Posted by Raizor's Edge at 5:27 PM
Monday, September 17, 2007
Sometimes albums are released to the proverbial sound of one hand clapping. The quality of the music doesn't diminish; to the contrary, sometimes good albums become great albums with the passing of time. Then again, sometimes all a good album needs to become a great album in a person's collection is to be heard. With that, here is my recommendation for September:
ALBUM: Love & Hope & Sex & Dreams
SONGS: She's a Runaway / Fadeaway / Still the Night / Rickshaw Riding / Angels / Misery / The Strangest Kind / Say You Will / Ultimately Fine / That's All / Lookin' for Me Somewhere
In the midst of what was called the "roots rock" movement of the mid-1980s, Slash Records, best-known as the home for the Violent Femmes, signed another band from Milwaukee known as the BoDeans (with the pronounced and spelled as da, which they later dropped because people began to think the name of the band was "the Da BoDeans"). Their music was far removed from the acoustic punk of their labelmates but no less Americana. The four-piece band went into the studio with singer/songwriter T-Bone Burnett and created a masterpiece.
The secret weapon in the BoDeans, and indeed what may have kept them from success beyond the "cult figure" status for the two decades since (they have had one hit, "Closer to Free," which was used as the theme song to the TV series Party of Five), is the vocal quality of lead singer Sam Llanas. His voice is so unique that critics began tripping over themselves to describe it. "A bullfrog in a blender" was Llanas's personal favorite description, although Robbie Robertson (who enlisted Llanas and his singing/songwriting partner, Kurt Neumann, to sing on three songs on Robbie Robertson) may have had the most accurate: "When I first heard him, I thought it was an old woman. A very soulful old woman."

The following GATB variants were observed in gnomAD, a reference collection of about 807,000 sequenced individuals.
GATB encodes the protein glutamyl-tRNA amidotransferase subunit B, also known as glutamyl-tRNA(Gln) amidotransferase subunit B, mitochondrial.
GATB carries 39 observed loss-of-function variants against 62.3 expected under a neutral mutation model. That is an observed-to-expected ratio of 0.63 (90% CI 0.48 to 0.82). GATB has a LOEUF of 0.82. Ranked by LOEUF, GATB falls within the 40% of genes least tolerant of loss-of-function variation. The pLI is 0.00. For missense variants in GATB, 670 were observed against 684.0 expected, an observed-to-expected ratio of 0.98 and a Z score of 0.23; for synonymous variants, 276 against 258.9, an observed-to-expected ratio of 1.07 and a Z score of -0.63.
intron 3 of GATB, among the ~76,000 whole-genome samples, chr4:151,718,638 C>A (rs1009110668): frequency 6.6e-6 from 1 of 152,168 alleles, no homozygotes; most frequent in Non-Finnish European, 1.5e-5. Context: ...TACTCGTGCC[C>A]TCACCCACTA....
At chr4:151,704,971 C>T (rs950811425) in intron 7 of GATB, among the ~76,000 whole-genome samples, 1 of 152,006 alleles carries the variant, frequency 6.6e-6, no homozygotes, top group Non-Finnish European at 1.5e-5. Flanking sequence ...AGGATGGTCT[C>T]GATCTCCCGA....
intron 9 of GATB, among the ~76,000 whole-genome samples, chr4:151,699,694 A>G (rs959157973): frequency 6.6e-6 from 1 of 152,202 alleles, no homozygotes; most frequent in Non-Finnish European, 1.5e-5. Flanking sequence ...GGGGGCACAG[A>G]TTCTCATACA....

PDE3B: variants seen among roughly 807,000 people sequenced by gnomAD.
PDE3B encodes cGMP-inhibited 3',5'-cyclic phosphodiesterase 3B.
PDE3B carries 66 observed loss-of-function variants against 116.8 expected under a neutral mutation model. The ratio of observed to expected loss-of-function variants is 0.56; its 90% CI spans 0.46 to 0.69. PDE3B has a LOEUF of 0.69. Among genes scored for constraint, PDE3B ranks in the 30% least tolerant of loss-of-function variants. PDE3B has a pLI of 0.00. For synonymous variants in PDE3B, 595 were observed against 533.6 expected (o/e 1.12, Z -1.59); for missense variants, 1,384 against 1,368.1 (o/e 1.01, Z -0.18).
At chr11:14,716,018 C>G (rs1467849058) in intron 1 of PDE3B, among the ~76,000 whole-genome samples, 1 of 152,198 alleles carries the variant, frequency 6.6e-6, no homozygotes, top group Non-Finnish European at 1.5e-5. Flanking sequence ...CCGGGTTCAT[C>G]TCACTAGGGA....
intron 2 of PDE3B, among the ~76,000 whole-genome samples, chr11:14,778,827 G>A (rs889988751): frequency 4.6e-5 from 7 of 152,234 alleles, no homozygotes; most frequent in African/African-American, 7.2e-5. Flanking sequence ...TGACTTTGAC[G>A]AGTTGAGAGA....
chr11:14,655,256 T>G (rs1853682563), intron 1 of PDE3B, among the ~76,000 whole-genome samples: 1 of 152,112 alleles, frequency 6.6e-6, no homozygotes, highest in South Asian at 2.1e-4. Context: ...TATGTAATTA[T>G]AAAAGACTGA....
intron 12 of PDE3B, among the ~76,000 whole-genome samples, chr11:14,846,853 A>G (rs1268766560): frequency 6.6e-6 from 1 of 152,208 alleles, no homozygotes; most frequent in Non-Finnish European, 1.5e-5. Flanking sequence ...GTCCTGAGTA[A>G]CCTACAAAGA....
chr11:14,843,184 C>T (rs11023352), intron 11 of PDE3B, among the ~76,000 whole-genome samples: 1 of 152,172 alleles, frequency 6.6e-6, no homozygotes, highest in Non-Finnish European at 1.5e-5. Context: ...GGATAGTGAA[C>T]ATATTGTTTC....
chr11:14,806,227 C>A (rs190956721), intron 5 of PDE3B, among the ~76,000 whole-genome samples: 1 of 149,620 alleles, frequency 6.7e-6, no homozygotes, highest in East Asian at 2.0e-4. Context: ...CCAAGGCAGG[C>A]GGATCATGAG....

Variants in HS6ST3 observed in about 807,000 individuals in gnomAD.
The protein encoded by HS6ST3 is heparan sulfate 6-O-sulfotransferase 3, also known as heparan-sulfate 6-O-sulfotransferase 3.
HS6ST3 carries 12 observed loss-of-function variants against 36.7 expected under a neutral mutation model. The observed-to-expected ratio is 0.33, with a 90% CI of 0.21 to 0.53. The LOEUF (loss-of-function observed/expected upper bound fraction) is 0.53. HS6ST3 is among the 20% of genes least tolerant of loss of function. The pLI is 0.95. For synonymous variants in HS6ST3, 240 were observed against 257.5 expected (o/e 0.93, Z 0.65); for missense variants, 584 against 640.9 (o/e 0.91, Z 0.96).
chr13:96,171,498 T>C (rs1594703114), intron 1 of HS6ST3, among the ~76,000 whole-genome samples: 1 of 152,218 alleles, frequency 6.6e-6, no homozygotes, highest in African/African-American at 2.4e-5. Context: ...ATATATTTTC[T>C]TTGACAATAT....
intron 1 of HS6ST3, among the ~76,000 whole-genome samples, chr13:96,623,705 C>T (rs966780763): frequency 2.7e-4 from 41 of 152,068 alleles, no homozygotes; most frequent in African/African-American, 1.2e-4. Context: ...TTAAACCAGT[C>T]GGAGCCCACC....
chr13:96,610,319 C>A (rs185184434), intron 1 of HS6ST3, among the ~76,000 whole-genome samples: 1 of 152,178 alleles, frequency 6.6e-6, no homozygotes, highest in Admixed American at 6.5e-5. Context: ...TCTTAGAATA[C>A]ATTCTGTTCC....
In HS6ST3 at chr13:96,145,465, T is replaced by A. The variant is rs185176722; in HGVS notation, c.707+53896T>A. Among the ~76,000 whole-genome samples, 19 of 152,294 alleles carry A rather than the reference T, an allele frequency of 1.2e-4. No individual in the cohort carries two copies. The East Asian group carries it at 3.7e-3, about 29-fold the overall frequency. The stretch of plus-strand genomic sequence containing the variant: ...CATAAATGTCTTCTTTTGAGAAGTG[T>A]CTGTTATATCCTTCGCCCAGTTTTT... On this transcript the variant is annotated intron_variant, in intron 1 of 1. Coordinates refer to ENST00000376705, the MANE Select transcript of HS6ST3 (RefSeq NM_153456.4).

Without question, Llanas's voice does take a little getting used to, but it is part of the charm and authenticity of the BoDeans. Llanas has no trouble conveying his emotions. When he tells "the story of Mary and the gun" in the opening track, "She's a Runaway," there is no question that Mary is a personal friend -- even though the tale of a battered woman taking fatal revenge on the man who beat her is purely a figment of Llanas's imagination. The album's closing song, "Lookin' for Me Somewhere," was inspired by seeing Emmylou Harris in concert, and Llanas pours out his infatuation for her with pubescent honesty ("Alone I go to sleep and I close my eyes / And I dream about a girl out there in the world").
Kurt Neumann, the other half of the BoDeans singing and songwriting team, has a voice that requires far fewer descriptors. His lead vocals are standard Midwest rock and roll. Put the two together, though, and you have the Everly Brothers on helium. The harmonies on the album are exceptional, certainly unique for the mid-80s when hair bands and air guitars ruled the scene. Their duet on "Fadeaway" and the chorus on "Angels" shows that country legend Charlie Louvin was absolutely correct when he said, "Any song worth singing is worth singing with harmony."
Burnett's production is perfect for the band. There is nothing overdone (the way fellow Milwaukee native Jerry Harrison did with the BoDeans' second album, Outside Looking In, saturating the album so heavily with production that a pick axe was necessary to find the BoDeans beneath it all), allowing each song to be presented as honest and open as the band performed them onstage. When Llanas sings "Rickshaw Riding," about love in the Orient, a song that could have easily been overproduced is allowed subtleties that enhance the number. When the band lets loose on the roll-down-the-windows-and-drive-fast rocker "Ultimately Fine," Burnett simply runs for cover and lets them go.